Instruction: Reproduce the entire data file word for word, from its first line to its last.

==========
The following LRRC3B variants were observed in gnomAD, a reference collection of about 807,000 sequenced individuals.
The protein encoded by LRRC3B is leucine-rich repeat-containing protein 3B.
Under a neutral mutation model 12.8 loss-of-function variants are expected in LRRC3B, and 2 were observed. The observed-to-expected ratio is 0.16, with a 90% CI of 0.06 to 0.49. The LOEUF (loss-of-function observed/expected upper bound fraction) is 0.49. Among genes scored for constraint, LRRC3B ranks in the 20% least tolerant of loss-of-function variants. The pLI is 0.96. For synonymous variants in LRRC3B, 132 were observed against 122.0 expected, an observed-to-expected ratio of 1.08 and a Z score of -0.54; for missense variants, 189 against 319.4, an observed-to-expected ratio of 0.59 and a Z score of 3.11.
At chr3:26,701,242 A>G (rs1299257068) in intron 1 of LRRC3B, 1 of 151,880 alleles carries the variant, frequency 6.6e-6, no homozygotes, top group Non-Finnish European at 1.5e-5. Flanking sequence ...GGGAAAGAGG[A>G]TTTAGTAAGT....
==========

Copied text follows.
The following LRRC3B variants were observed in gnomAD, a reference collection of about 807,000 sequenced individuals.
The protein encoded by LRRC3B is leucine-rich repeat-containing protein 3B.
Under a neutral mutation model 12.8 loss-of-function variants are expected in LRRC3B, and 2 were observed. The observed-to-expected ratio is 0.16, with a 90% CI of 0.06 to 0.49. The LOEUF (loss-of-function observed/expected upper bound fraction) is 0.49. Among genes scored for constraint, LRRC3B ranks in the 20% least tolerant of loss-of-function variants. The pLI is 0.96. For synonymous variants in LRRC3B, 132 were observed against 122.0 expected, an observed-to-expected ratio of 1.08 and a Z score of -0.54; for missense variants, 189 against 319.4, an observed-to-expected ratio of 0.59 and a Z score of 3.11.
At chr3:26,701,242 A>G (rs1299257068) in intron 1 of LRRC3B, 1 of 151,880 alleles carries the variant, frequency 6.6e-6, no homozygotes, top group Non-Finnish European at 1.5e-5. Flanking sequence ...GGGAAAGAGG[A>G]TTTAGTAAGT....